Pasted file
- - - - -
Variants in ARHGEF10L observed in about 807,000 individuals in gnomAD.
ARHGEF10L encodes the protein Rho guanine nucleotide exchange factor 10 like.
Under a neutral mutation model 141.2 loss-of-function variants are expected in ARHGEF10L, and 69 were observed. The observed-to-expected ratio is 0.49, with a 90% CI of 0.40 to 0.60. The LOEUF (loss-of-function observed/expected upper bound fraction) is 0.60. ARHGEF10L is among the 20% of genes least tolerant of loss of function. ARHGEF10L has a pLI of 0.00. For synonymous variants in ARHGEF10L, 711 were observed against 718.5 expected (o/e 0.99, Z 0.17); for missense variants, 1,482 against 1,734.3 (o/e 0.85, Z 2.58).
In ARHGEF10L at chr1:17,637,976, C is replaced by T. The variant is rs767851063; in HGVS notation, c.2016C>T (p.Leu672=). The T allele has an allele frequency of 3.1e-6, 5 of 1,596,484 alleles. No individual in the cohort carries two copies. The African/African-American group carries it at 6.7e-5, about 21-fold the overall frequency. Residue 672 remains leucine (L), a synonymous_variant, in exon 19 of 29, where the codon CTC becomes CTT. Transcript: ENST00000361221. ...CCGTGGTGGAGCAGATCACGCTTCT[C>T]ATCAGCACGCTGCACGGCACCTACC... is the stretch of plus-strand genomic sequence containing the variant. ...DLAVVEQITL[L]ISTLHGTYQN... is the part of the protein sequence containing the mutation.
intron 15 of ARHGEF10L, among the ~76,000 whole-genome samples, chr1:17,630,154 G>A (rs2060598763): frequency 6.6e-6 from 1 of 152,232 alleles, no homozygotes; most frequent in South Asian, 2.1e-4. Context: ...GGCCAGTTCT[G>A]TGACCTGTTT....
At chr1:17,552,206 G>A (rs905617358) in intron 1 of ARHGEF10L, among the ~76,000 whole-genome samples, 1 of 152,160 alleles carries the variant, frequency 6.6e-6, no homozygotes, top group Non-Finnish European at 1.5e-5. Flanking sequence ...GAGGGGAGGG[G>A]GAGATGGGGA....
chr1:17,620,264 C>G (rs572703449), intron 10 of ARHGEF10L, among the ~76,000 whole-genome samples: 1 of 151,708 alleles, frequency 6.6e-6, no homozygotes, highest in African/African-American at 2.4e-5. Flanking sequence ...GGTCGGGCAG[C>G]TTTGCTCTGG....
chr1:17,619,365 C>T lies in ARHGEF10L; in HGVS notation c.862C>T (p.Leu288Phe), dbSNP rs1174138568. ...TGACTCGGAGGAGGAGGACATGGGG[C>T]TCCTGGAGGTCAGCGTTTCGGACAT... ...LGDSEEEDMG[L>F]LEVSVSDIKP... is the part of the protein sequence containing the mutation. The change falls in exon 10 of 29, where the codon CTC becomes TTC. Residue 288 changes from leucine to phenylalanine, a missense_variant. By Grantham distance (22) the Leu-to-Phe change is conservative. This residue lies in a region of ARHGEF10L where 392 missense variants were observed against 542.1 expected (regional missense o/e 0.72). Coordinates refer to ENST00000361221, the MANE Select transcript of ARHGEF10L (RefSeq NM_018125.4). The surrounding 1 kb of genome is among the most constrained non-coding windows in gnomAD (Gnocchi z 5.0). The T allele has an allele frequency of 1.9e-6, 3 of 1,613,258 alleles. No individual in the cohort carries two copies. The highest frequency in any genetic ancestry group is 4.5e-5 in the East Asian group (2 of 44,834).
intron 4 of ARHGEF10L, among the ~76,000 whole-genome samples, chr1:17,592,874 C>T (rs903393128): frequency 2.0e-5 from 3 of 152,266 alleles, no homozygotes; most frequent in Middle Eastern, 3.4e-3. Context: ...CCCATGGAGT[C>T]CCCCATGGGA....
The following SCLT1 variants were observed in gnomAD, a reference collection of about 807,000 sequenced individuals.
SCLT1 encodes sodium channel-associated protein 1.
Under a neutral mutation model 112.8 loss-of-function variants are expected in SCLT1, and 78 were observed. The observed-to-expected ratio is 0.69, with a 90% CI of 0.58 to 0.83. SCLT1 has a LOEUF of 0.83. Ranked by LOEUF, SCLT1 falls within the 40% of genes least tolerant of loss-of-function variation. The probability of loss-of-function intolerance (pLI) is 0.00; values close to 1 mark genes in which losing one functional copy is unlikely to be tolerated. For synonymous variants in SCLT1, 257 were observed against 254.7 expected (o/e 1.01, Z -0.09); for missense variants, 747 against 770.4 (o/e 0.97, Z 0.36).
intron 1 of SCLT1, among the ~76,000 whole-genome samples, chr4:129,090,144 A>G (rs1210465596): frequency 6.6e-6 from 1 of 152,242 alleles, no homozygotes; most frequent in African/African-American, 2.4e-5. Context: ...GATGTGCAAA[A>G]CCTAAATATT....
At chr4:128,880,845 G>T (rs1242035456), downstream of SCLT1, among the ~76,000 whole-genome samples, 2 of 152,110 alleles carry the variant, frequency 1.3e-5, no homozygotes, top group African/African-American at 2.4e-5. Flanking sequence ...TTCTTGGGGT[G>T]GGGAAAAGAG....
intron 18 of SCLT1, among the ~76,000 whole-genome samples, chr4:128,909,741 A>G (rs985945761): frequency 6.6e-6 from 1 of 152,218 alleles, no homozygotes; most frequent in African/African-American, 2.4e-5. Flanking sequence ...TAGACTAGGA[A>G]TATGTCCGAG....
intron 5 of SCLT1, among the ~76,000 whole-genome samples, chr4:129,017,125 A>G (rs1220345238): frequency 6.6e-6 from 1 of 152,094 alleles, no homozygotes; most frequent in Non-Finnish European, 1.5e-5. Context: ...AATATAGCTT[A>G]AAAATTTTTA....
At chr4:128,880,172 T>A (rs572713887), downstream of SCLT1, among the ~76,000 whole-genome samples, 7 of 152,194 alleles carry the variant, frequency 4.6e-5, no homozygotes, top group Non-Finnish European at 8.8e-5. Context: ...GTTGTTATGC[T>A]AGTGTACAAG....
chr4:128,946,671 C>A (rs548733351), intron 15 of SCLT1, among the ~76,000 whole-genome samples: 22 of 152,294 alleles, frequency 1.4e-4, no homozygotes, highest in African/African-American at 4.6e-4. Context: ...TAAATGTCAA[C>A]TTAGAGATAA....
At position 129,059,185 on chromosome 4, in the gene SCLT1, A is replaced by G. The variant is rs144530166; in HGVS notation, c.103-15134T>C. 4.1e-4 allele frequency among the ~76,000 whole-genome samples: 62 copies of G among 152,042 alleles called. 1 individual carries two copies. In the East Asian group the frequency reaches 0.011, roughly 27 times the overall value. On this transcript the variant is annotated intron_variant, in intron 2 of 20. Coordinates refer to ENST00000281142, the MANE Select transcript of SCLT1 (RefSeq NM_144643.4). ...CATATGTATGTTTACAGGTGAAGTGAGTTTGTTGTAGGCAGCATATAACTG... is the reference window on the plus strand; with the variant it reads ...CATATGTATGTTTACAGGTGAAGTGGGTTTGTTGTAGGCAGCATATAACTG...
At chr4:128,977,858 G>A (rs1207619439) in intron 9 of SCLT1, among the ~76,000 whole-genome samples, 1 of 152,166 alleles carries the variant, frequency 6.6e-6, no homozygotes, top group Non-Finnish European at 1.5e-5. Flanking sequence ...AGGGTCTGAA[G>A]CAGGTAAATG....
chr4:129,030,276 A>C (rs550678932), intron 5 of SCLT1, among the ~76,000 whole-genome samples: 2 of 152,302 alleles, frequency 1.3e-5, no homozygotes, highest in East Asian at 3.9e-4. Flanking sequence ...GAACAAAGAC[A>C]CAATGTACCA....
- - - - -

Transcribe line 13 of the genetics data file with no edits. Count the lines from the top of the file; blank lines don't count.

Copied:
intron 1 of SCLT1, among the ~76,000 whole-genome samples, chr4:129,090,144 A>G (rs1210465596): frequency 6.6e-6 from 1 of 152,242 alleles, no homozygotes; most frequent in African/African-American, 2.4e-5. Context: ...GATGTGCAAA[A>G]CCTAAATATT....